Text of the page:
Students were divided into Squads, “boarded” their battle buses and began a series of challenges to reacquaint them with the activities and expectations in this space.
Working collaboratively, Squads built their own LEGO llamas, recorded Fortnite dances with our Green Screen App and used QR codes to learn how to build a popsicle stick catapult or glider.
While Primary students used the PicCollage App to record their Book Scavenger Hunt, Jr and Intermediate students reviewed using the Hub website to find a non fiction book and then locate it on our shelves, using the Dewey Decimal System.
Mrs. Hulse even had suggestions for our Fortnite gamers, when it came to checking out books!
All That Was by Karen Rivers (Farrar, Straus and Giroux (BYR))
Piper and Sloane were best friends. They grew up together, from childhood to first love, and in spite of how different they were, their friendship was supposed to last forever. That is, until Piper caught Sloane kissing her boyfriend—and just days later, Piper was found dead, washed ashore on a beach. Sloane was torn with grief and guilt. How do you make amends for hurting someone you love, if that person is no longer around? And how can you ever move on and love again?
Call of the Wraith (The Blackthorn Key #4) by Kevin Sands (Aladdin)
Christopher Rowe has no idea who he is. After being shipwrecked in Devonshire, he wakes up alone, his memories gone. Villagers tell him he was possessed by an unseen evil, and only became conscious after being visited by the local witch. As Christopher tries to get his bearings, he realizes his current state may be far from coincidence. Dark events have been happening in this corner of Britain—village children are disappearing without a trace. There are whispers that the malevolent ghost of the White Lady has returned to steal the children away, one by one, and consume their souls. Thankfully, friends Tom and Sally find Christopher and help him reconnect with his unique skills and talents, even as his memories elude him. But as motives and secrets are revealed, Christopher finds himself in a desperate race to reclaim his memories and discover the missing children before it’s too late.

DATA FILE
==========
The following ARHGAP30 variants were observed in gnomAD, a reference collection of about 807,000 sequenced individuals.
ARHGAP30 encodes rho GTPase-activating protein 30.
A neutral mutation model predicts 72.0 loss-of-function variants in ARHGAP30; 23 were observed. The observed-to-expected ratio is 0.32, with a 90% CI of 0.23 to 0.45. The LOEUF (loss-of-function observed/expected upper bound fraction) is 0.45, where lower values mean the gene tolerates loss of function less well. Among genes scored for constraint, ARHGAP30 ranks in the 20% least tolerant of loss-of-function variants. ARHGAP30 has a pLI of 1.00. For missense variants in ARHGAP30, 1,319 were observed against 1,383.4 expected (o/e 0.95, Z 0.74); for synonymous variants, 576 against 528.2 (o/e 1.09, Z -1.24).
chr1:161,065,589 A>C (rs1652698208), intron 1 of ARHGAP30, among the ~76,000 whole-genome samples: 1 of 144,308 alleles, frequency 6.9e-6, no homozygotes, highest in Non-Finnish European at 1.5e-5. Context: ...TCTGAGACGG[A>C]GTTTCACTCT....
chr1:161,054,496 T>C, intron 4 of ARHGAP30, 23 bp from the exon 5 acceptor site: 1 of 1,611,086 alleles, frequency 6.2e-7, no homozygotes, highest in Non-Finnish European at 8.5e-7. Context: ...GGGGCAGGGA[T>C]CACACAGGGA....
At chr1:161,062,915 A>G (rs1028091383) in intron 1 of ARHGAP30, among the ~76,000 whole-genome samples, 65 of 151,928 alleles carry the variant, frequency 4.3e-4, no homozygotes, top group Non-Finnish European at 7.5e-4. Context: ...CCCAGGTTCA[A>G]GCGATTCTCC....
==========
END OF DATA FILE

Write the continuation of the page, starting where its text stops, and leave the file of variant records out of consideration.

Crush (Awkward #3) by Svetlana Chmakova (Yen Press)
Jorge seems to have it all together. He’s big enough that nobody really messes with him, but he’s also a genuinely sweet guy with a solid, reliable group of friends. The only time he ever really feels off his game is when he crosses paths with a certain girl… But when the group dynamic among the boys starts to shift, will Jorge be able to balance what his friends expect of him versus what he actually wants?
Dragonfly Song by Wendy Orr (Pajama Press)
The little girl found under a bush has no name and cannot speak. Is she a miracle child who escaped the raiders, or is she a bad-luck child, the one who called the Bull King’s ship to the island? No one sees the mama-stone around her neck, with the sign of the dragonfly. And only Luki, in training to leap the bulls, knows that she charmed the viper who would have killed him. When the girl turns twelve, she discovers her name – Aissa – and she knows that her one chance to live freely is to become a bull dancer, and be taken away to the island of the Bull King.
FrostBlood (FrostBlood #1) by Elly Blake (Little, Brown and Company)